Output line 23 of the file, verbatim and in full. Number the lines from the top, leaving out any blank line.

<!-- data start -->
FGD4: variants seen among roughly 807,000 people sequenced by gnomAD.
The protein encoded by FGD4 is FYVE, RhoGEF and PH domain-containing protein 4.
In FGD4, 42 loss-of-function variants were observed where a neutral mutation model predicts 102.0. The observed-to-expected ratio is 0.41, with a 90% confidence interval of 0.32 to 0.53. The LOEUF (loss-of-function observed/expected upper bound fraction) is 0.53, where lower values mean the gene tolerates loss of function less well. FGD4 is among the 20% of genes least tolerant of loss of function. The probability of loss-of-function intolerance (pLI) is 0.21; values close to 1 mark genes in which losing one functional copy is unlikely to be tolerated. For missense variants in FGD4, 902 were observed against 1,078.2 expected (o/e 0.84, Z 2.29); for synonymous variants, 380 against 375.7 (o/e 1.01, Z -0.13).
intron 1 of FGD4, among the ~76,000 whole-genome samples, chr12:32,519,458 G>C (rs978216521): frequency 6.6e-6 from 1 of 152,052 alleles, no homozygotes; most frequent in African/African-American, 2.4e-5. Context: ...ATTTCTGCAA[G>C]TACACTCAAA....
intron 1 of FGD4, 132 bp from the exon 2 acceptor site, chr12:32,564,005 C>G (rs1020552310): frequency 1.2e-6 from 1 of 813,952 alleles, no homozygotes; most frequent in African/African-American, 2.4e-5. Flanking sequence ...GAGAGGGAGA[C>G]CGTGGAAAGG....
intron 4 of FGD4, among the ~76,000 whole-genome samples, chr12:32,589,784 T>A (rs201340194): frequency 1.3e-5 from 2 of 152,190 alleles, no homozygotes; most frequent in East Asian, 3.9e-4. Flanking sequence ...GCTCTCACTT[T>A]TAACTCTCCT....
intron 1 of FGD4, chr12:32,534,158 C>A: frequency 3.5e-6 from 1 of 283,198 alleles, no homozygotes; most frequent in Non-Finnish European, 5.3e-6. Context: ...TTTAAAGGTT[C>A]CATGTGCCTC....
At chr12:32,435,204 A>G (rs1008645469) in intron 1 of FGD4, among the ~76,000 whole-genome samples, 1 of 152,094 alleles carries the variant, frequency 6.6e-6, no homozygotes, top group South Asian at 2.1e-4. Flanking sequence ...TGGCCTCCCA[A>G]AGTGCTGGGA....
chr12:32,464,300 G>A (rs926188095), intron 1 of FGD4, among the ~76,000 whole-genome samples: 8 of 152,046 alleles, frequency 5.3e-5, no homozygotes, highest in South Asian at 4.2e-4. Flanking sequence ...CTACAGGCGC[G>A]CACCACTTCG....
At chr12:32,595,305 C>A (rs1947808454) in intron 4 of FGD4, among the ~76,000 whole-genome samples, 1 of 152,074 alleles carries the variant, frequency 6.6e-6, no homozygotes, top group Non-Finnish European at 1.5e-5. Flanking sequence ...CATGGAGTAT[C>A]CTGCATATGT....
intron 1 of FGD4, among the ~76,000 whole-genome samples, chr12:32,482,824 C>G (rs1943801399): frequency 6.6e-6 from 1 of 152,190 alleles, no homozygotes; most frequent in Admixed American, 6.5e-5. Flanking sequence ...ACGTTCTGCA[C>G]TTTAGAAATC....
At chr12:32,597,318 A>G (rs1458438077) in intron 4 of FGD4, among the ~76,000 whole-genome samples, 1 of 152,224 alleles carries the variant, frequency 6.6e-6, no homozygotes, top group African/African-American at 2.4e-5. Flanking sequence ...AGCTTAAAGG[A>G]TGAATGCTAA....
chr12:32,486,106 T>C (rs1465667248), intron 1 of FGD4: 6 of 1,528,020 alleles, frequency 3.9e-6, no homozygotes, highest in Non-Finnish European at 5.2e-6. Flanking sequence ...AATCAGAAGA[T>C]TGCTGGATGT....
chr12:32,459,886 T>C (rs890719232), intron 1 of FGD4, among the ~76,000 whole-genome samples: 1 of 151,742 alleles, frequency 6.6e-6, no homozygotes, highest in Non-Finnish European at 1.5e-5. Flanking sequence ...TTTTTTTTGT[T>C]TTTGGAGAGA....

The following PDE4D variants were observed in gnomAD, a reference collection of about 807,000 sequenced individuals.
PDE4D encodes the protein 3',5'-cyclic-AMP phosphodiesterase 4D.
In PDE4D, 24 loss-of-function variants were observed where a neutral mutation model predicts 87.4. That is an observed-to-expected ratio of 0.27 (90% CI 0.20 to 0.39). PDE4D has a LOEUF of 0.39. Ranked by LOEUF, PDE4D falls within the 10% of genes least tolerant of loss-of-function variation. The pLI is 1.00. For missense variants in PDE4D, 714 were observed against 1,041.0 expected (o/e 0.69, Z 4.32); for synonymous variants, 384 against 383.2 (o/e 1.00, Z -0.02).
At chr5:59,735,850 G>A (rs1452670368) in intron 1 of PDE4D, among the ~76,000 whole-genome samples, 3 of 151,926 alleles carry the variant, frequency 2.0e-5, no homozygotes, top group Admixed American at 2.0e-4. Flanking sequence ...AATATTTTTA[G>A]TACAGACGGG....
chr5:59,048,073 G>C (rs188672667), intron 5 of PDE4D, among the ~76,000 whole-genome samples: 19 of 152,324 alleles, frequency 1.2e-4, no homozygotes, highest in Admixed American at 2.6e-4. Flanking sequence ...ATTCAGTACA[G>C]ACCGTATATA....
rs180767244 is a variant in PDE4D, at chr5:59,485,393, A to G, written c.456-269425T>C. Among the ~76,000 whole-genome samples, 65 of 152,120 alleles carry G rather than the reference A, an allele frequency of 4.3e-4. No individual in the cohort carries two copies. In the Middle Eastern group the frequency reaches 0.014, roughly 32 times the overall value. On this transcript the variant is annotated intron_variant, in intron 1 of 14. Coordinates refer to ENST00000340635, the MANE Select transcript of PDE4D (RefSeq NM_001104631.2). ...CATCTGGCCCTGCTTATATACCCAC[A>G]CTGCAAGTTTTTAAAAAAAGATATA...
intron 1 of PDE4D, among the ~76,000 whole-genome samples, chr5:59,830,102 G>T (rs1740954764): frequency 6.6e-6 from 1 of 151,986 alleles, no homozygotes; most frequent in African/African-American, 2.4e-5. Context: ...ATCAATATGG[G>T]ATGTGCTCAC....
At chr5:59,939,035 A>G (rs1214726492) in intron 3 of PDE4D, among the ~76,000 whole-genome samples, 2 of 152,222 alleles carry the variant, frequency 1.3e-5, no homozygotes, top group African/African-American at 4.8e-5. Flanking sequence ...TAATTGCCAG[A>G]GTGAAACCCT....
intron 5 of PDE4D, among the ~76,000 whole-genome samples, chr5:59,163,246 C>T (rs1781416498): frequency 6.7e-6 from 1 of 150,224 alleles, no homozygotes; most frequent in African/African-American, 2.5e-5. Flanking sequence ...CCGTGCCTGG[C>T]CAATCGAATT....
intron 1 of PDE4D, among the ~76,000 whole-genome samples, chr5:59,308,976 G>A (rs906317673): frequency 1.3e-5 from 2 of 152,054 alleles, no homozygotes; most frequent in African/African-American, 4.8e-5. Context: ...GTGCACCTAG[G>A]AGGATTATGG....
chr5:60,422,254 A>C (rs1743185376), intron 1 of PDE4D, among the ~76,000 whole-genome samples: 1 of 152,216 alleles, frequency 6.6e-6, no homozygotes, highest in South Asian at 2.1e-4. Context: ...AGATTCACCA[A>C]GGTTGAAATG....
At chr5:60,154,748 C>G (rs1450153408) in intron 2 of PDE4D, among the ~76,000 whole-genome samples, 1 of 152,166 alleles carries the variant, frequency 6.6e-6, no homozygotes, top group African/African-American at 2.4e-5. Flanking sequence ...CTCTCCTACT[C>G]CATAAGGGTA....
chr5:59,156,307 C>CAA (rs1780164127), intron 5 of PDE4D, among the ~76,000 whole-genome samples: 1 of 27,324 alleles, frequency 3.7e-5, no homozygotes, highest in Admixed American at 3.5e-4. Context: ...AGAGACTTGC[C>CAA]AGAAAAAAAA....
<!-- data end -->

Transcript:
intron 5 of PDE4D, among the ~76,000 whole-genome samples, chr5:59,163,246 C>T (rs1781416498): frequency 6.7e-6 from 1 of 150,224 alleles, no homozygotes; most frequent in African/African-American, 2.5e-5. Flanking sequence ...CCGTGCCTGG[C>T]CAATCGAATT....